Work commences on a renewed Cathedral for diocese


A major renovation of the Cathedral of St. Joseph has begun, with hopes for completion and a rededication Mass about a year from now.

Parishioners will worship temporarily in nearby locations while Sircal Contracting Inc. and a group of gifted artisans go about highlighting the building’s striking architecture with timeless art.

“During this year, we vacate this Cathedral structure in order to take care of some needed repairs, to increase our hospitality to visitors and guests, and to manifest more clearly the beauty of our Catholic faith in the various pieces of artwork that are being fashioned by artists near and far away,” Bishop W. Shawn McKnight stated at the end of his homily on Jan. 2, the Solemnity of the Epiphany of Our Lord.

He likened parishioners’ time away from the Cathedral to a shared journey and to “time in the desert.”

He assured them that the completed work will be well worth the wait. Catholics throughout the diocese are invited to participate in a spiritual pilgrimage during the renovation by praying for all involved in the work.

The renewed cathedral will include a substantially larger gathering area — known as a narthex — fronting West Main Street, as well as an outdoor canopy and bell towers.

Symbols of St. Joseph will adorn the front of the canopy.

As was originally intended when the cathedral was built, bells will be placed in both of the towers.

The narthex will include additional, larger rest rooms and an elevator to a renovated downstairs Undercroft, site of numerous parish and diocesan gatherings.

Signature elements of the mid-century Cathedral, including its circular design, geometric windows, Douglas fir beams, crown-shaped roof, terrazzo floor and white travertine marble, will be preserved.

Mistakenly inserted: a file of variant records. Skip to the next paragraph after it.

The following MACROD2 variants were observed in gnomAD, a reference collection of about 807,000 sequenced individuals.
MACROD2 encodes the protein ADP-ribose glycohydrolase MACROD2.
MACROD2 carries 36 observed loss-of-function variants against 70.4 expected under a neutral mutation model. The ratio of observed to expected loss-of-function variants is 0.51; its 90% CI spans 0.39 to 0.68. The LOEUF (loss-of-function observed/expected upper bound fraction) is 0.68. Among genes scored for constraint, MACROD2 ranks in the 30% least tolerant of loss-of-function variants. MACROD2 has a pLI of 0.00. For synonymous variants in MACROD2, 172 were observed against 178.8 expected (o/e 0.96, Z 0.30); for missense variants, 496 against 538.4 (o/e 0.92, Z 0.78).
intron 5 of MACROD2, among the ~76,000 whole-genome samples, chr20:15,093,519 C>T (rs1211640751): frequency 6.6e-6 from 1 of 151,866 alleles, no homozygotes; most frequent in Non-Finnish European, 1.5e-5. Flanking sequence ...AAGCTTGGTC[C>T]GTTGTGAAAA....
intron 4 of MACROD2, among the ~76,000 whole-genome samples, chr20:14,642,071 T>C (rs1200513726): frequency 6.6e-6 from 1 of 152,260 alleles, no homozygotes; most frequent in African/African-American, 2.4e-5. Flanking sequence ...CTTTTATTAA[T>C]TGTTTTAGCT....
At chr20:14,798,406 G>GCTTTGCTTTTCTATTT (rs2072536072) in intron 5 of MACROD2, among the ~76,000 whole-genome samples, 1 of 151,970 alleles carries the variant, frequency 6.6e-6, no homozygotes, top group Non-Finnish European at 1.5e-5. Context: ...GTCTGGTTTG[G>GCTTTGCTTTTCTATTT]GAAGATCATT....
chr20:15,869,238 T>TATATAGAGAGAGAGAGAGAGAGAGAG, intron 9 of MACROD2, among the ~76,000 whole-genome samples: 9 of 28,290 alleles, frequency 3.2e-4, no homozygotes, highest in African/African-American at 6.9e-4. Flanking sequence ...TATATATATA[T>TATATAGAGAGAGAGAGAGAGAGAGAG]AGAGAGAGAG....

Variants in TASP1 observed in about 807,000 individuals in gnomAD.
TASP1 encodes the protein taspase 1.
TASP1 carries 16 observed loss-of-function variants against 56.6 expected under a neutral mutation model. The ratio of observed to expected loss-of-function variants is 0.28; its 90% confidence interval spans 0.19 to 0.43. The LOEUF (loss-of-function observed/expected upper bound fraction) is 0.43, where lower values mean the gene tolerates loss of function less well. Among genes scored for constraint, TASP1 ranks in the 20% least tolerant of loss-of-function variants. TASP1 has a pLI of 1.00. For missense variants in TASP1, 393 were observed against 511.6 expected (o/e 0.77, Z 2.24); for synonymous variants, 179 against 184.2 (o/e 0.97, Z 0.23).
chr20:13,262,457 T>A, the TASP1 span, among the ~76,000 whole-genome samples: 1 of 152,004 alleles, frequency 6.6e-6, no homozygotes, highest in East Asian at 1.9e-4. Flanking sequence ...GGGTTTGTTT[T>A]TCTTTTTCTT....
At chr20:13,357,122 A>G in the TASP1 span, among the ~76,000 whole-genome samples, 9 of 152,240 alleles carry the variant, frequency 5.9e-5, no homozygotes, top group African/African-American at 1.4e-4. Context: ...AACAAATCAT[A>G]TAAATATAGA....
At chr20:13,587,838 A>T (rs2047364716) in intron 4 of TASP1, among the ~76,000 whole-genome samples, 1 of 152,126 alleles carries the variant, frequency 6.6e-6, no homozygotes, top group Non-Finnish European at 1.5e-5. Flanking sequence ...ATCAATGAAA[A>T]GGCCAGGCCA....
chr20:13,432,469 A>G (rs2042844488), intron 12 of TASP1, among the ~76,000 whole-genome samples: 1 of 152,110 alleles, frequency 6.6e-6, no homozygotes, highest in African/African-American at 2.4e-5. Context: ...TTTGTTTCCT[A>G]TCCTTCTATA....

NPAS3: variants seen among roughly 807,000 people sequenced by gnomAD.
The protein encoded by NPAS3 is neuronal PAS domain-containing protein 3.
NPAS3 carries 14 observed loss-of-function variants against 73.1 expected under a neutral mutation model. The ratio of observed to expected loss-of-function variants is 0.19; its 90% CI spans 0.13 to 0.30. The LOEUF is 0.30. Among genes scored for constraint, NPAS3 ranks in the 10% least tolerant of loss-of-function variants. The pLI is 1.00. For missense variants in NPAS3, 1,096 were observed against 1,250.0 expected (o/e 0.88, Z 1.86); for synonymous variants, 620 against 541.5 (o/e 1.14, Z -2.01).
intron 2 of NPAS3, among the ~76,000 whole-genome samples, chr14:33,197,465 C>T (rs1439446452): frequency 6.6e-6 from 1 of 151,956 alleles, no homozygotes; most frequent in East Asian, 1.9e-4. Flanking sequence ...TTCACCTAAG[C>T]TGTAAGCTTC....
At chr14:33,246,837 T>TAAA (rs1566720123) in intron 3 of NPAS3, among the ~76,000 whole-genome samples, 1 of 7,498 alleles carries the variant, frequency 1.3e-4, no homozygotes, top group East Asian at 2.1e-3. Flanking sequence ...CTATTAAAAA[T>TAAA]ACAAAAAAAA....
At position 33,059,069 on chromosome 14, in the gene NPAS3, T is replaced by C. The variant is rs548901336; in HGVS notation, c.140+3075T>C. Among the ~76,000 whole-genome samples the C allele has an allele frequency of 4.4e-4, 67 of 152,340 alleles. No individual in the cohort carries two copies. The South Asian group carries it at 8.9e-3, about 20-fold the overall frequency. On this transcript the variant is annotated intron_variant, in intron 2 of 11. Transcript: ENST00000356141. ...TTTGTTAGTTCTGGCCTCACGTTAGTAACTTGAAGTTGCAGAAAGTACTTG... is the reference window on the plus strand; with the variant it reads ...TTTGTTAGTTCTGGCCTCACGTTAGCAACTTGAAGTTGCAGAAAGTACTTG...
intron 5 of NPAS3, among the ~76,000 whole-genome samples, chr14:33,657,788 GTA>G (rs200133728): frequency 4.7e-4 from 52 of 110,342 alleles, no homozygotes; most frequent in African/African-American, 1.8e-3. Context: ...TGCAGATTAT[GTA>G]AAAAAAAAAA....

A new altar, tabernacle, ambo, bishop’s chair and proximate baptistery will be created for the reconfigured sanctuary.

New wood paneling and the cross for the new crucifix will be made from regional white oak.

New stained-glass windows will draw more sunlight into the Cathedral. Each will depict scenes from the Old and New Testaments and saints of the Church, united under the theme of Acts of the Apostles 2:42: “They devoted themselves to the teaching of the apostles and to the communal life, to the breaking of the bread and to the prayers.”

New sculptures, mosaics, painting, stenciling and colorful stonework will help define other areas of prayer throughout the Cathedral, including shrines devoted to the Sacred Heart of Jesus, Our Lady of Guadalupe, St. Rose Philippine Duchesne, St. Isadore the Farmer and his wife, Blessed Maria, and Venerable Father Augustus Tolton, who was born and baptized in northeastern Missouri.

Antique polychromatic Stations of the Cross will be framed with brass and installed in the ambulatory.

A new, custom-designed organ, incorporating parts of the current instrument, will be installed.

“It’s going to be a wonderful space,” said church architect William Heyer, architectural consultant for the project.

He noted that careful planning over the past year is yielding an even more thoughtful use of materials and artwork than conceived in the initial plans for the renovation.